• MASH: “Astonishingly overrated.” Well, yes, another scarring memory from childhood. WGBH had to caption 300 episodes all at once when it went into syndication. All three offices had to work on it, and there was a legend, since denied by a knowledgeable source, that the evening shift got so goddamned sick of doing MASH every night they insisted day shift take over.

    MASH: le film, writes Tucker, was “a silly, dishevelled comedy”; the TV show trafficked “in constant piously poignant punchlines.” (Futurama iHawk in irreverent/maudlin mode. Or, I suppose, Krusty in good/evil.)

    “After the series won a slew of Emmys and transformed Alda from ski-nosed wisecracker… into a feminist talk-show bore, [Larry] Gelbart was granted his laugh-track-free wish when he created another show, United States, in 1980… whose dialogue its author thought was so freighted with Meaning Beyond Humour that it should not be smeared with studio-larded laughter.” It was also one of the earliest captioned shows. Somebody find me a tape.

  • The book presages LOLCATS in a chapter title (rewritten): “O RLY? Bill O’Reilly and The O’Reilly Factor.” Unexpectedly, he makes a convincing case for “imperial and insecure.” The matching hate entry, Geraldo Rivera, was also phoned in (possibly while seated on the can, that’s how lazy).

  • Now, Miami Vice. My esteemed colleague and I got several DVDs from Zip and explored the question: Is it possible to watch Miami Vice unironically? Beyond the first hour or so, yes, very much so, particularly after the youth of Don Johnson impresses itself upon you. He was just becoming a man; the DVD extras have him essentially admit that he coevolved with the wardrobe – which, incidentally, is much less consistent than the mythology might suggest. While the theme song is great (and accompanying opening credits subtly changed over time – I checked), the extradiegetic musical interludes are way too fucking obtrusive in the cold light of Aughties.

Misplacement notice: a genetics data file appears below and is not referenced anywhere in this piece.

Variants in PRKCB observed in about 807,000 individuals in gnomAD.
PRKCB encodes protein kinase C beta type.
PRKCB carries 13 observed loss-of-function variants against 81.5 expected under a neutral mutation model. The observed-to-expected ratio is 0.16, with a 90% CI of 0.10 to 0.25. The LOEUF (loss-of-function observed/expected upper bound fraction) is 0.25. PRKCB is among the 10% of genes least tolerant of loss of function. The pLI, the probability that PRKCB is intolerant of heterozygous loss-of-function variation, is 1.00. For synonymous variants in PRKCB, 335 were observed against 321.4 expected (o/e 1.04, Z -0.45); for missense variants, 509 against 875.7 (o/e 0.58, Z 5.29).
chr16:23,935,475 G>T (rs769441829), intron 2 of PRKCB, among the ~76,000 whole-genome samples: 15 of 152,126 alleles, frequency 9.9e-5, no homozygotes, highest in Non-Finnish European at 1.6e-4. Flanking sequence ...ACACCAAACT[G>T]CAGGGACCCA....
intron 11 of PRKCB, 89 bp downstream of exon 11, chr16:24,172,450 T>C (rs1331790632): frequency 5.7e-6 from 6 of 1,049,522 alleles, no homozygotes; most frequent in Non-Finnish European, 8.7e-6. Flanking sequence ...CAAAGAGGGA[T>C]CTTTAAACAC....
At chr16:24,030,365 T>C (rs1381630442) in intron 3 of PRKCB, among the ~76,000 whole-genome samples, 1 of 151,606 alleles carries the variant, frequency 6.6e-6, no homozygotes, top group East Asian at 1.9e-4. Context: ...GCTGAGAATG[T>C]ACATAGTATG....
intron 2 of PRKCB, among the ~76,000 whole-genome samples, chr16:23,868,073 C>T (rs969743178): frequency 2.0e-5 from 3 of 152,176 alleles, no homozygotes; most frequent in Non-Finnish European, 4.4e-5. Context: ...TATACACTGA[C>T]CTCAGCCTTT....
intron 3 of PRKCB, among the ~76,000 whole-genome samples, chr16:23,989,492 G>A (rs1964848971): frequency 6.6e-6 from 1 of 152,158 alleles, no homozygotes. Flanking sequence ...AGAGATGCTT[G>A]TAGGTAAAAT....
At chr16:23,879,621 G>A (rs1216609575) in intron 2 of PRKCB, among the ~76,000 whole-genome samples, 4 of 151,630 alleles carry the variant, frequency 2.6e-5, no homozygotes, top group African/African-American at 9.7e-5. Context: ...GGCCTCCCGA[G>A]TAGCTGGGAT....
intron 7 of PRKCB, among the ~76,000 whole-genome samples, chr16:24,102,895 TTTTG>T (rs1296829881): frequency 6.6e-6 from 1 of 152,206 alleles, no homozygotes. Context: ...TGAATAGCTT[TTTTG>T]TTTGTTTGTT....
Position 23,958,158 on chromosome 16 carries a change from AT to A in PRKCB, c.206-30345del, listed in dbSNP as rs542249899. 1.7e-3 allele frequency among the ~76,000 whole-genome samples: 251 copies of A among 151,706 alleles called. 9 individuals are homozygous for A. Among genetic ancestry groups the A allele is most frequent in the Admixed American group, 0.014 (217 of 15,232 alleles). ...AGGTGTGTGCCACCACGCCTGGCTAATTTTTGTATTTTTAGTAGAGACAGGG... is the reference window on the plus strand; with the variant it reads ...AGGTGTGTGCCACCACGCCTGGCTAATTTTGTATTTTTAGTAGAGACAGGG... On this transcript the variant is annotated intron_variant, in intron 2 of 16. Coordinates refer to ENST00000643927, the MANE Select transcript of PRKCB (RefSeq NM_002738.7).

But based on Tucker’s descriptions, I just do not want to watch the other Michael Mann TV shows, namely Crime Story with some wizened old geezer and another show with a clumsy name. We stopped watching Miami Vice at episode five.

  • I wish Tucker would make up his mind about made-for-TV movies: All shite but one, or are there a couple of others that are half-decent?

  • “There are scads of shows you only need to watch once,” like the first episode of MacGyver (MacGyverMacGyver).

  • Who the fuck cares about best and worst mothers and fathers “in TV history”? (And I wish Ken Tucker would admit he’s talking about American TV history.) He hated Ken Olin in Thirtysomething, incidentally, about which series I handwrote a 300-page episode guide.

  • David Duchovny “once described his job to me as ‘pretty workaday… You get up, you take a shower, you read the paper, you play Mulder.’ ” “In the first season, you could see that… the less-experienced Gillian Anderson was unsure of how to play Dana Scully from scene to scene.” They also couldn’t get her hair and makeup right. It’s terrible. But Tucker nails it: Fox Mulder (no relation) emerged fully formed from the first instant.

  • Finally, somebody daring to say that Six Feet Under was full of shit. And he’s got a perfect analysis of the way late-night talk shows pick away at the soul of their hosts, very much including the overrated Johnny Carson.

  • “The Cult of Edward R. Murrow,” who “supposedly exposed the sweaty Red-baiter [McCarthy] for the craven jackel [sic] he was. What Murrow really did was make his point about McCarthy’s unworthiness not via closely-reasoned argument, but by exposing McCarthy as a singularly untelegenic human… capping it with a pious speech that now sounds startlingly wishy-washy, including the sentence ‘This is no time for men who oppose Senator McCarthy’s methods to keep silent – or for those who approve.’ In other words… ‘you may like this sullen bully who’s destroying people’s lives.’ […] McCarthy had already wrecked a lot of lives by the time Murrow… got around to him in 1954.”